Pakistan expressed its willingness to work with Iran on “all issues” in a call between their foreign ministers Jan. 19 after both countries exchanged drone and missile strikes on militant bases on each other’s territory.
The tit-for-tat strikes by the two countries are the highest-profile cross-border intrusions in recent years and have raised alarm about wider instability in the region since the war between Israel and Hamas erupted on Oct. 7.
However, while Iran and Pakistan have a history of rocky relations, both sides have already signaled a desire to cool tensions.
A statement from Pakistan’s foreign office said Foreign Minister Jalil Abbas Jilani had spoken to his Iranian counterpart, Foreign Minister Hossein Amirabdollahian, on Friday, a day after Pakistan carried out strikes in Iran.
Iran said the Jan. 18 strikes killed nine people in a border village on its territory, including four children. Pakistan said the Iranian attack on Tuesday killed two children.
“Foreign Minister Jilani expressed Pakistan’s readiness to work with Iran on all issues based on spirit of mutual trust and cooperation,” the statement said. “He underscored the need for closer cooperation on security issues.”
The contact follows a call between Mr. Jilani and his Turkish counterpart in which Islamabad said “Pakistan has no interest or desire in escalation.”
Mr. Amirahmadian, in comments quoted by Iran’s state media, said: “Pakistan’s sovereignty and territorial integrity are of great interest to us and bilateral cooperation is essential to neutralize and destroy terrorist camps on Pakistani soil.”
The contacts came as Pakistan’s Caretaker Prime Minister Anwaar ul Haq Kakar began a meeting of the National Security Committee, with all the military services chiefs in attendance, a source in the prime minister’s office told Reuters.
Prime Minister Kakar cut short a visit to the World Economic Forum in Davos and flew home on Thursday.
U.N. Secretary-General Antonio Guterres urged the two nations to exercise maximum restraint. The United States also urged restraint although President Joe Biden said the clashes showed that Iran is not well-liked in the region.
Islamabad said it hit bases of the separatist Baloch Liberation Front and Baloch Liberation Army, while Tehran said its drones and missiles struck militants from the Jaish al Adl (JAA) group.
The militant groups operate in an area that includes Pakistan’s southwestern province of Balochistan and Iran’s southeastern Sistan-Baluchestan province. Both are restive, mineral-rich, and largely underdeveloped.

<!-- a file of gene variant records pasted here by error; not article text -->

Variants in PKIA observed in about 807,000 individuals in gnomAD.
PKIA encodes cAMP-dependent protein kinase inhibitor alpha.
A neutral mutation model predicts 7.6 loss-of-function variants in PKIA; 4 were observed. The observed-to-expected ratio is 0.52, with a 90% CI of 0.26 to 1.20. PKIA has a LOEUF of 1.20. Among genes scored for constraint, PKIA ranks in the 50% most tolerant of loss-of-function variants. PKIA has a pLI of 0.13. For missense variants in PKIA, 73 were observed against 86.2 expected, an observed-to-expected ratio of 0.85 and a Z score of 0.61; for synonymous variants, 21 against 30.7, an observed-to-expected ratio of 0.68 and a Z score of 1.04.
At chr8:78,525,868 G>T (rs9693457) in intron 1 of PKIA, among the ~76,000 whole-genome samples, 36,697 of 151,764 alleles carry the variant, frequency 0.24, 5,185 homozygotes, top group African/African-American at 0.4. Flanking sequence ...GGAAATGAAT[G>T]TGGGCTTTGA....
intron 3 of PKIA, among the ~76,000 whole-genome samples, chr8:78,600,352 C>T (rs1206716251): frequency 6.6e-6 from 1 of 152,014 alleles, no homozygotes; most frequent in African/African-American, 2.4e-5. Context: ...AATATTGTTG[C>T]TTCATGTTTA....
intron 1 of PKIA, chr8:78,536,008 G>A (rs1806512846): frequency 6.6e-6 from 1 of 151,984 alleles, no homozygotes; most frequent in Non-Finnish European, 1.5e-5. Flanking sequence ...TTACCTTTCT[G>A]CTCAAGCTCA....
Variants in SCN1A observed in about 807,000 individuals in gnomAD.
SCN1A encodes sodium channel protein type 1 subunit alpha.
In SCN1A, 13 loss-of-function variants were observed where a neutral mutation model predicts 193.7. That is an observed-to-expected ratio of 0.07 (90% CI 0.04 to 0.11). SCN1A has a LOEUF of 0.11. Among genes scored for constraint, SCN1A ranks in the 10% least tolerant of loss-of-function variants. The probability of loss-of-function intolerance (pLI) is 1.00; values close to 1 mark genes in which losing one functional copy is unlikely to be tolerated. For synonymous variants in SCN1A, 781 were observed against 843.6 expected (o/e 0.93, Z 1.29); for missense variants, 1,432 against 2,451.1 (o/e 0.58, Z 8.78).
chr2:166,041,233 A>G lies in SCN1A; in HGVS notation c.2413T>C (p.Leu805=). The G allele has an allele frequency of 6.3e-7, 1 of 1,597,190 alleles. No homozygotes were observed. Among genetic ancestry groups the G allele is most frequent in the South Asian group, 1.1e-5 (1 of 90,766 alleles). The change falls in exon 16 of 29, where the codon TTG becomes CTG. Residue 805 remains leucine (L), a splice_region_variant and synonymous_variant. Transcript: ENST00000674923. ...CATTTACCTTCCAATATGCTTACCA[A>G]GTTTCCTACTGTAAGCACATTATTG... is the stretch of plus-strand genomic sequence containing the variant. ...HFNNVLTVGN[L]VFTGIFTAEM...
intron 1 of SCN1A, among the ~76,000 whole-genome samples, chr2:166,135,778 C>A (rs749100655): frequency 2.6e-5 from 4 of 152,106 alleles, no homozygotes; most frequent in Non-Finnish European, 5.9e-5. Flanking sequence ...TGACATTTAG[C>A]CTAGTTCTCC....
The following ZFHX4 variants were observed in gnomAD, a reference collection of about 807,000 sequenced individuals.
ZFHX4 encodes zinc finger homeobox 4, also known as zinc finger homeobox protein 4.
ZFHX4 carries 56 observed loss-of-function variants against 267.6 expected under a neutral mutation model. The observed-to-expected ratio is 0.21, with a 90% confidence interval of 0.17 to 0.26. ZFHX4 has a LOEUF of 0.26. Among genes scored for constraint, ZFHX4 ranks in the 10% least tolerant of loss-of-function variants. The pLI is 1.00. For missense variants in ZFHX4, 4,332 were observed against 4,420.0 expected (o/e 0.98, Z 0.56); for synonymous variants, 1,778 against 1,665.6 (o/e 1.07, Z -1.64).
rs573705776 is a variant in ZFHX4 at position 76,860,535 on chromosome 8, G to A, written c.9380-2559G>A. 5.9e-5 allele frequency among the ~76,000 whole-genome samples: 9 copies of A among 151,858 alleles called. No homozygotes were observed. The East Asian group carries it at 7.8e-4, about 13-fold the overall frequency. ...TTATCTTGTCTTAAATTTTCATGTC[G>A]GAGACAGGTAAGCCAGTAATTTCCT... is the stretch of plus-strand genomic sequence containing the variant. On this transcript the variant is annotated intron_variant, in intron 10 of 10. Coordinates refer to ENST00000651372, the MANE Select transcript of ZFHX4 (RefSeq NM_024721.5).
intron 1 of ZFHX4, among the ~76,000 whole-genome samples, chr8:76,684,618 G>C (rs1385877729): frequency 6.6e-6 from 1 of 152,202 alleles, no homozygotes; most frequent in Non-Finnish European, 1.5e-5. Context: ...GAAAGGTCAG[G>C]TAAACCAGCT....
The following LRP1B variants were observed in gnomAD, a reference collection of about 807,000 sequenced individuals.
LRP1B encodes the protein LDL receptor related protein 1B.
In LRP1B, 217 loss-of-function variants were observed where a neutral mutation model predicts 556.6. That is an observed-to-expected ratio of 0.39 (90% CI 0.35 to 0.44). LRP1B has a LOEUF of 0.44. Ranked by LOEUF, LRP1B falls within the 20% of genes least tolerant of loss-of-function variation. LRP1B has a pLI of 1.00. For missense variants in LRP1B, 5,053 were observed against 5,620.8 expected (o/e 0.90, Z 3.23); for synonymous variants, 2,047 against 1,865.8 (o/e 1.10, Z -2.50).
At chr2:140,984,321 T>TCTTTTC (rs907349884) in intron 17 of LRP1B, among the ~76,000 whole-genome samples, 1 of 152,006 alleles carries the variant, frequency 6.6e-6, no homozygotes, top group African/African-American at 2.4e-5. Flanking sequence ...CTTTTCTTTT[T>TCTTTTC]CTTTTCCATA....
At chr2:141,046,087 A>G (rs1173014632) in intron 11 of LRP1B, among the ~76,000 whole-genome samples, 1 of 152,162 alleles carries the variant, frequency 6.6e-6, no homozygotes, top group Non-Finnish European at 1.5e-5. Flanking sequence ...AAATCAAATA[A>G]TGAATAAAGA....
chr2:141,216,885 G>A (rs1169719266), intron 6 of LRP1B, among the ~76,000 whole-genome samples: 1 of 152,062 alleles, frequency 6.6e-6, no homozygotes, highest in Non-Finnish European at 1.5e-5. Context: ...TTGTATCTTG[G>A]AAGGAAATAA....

Iran’s state media said on Jan. 19 that security forces clashed with Islamic State militants in the southeast, killing two, capturing several others, and seizing explosives and weapons.
The groups struck by Islamabad have been waging an armed insurgency for decades against the Pakistani state, including attacks against Chinese citizens and investment projects in Balochistan.
The JAA, which Iran attacked, is also an ethnic militant group, but with Sunni Islamist leanings seen as a threat by Iran, which is mainly Shi’ite. The group, which has had links to Islamic State, has carried out attacks in Iran against its powerful Revolutionary Guard Corps.
Against the backdrop of the war in Gaza, Iran and its allies have been flexing their muscles in the region. This week Iran also launched strikes on Syria against what it said were Islamic State sites, and Iraq, where it said it had struck an Israeli espionage center.
Inside Pakistan, civilian leaders came together to throw their support behind the military despite a deeply divided political arena ahead of national elections next month.
Former foreign minister Bilawal Bhutto Zardari, a candidate for his party for prime minister, and the party of three-time premier Nawaz Sharif, considered an electoral frontrunner in the polls, said Pakistan had the right to defend itself but called for dialogue with Iran moving ahead.
The Pakistan Tehreek-e-Insaaf (PTI) party of jailed former Prime Minister Imran Khan also condemned Iran, but called the strikes on Pakistan a failure of the caretaker government brought in to oversee the elections.
This story was reported by Reuters.